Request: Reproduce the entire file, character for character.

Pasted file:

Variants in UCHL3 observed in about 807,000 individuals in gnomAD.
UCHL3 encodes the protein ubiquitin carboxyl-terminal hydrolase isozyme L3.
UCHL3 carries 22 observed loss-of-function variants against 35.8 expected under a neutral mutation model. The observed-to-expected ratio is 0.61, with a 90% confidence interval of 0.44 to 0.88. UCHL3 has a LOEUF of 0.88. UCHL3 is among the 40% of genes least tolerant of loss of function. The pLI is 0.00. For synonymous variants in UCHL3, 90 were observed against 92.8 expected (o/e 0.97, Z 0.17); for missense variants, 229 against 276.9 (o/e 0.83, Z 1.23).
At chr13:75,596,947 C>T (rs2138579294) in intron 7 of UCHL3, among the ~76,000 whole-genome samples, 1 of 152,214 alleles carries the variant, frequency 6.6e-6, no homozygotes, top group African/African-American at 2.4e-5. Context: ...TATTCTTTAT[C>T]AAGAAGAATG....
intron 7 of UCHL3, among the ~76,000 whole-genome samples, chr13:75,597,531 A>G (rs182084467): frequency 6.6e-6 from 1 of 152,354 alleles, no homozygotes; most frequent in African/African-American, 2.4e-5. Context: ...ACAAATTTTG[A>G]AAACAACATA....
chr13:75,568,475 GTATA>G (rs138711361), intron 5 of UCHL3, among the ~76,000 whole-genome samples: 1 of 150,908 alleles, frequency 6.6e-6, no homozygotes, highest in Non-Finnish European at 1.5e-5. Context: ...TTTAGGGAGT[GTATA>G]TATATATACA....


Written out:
Variants in UCHL3 observed in about 807,000 individuals in gnomAD.
UCHL3 encodes the protein ubiquitin carboxyl-terminal hydrolase isozyme L3.
UCHL3 carries 22 observed loss-of-function variants against 35.8 expected under a neutral mutation model. The observed-to-expected ratio is 0.61, with a 90% confidence interval of 0.44 to 0.88. UCHL3 has a LOEUF of 0.88. UCHL3 is among the 40% of genes least tolerant of loss of function. The pLI is 0.00. For synonymous variants in UCHL3, 90 were observed against 92.8 expected (o/e 0.97, Z 0.17); for missense variants, 229 against 276.9 (o/e 0.83, Z 1.23).
At chr13:75,596,947 C>T (rs2138579294) in intron 7 of UCHL3, among the ~76,000 whole-genome samples, 1 of 152,214 alleles carries the variant, frequency 6.6e-6, no homozygotes, top group African/African-American at 2.4e-5. Context: ...TATTCTTTAT[C>T]AAGAAGAATG....
intron 7 of UCHL3, among the ~76,000 whole-genome samples, chr13:75,597,531 A>G (rs182084467): frequency 6.6e-6 from 1 of 152,354 alleles, no homozygotes; most frequent in African/African-American, 2.4e-5. Context: ...ACAAATTTTG[A>G]AAACAACATA....
chr13:75,568,475 GTATA>G (rs138711361), intron 5 of UCHL3, among the ~76,000 whole-genome samples: 1 of 150,908 alleles, frequency 6.6e-6, no homozygotes, highest in Non-Finnish European at 1.5e-5. Context: ...TTTAGGGAGT[GTATA>G]TATATATACA....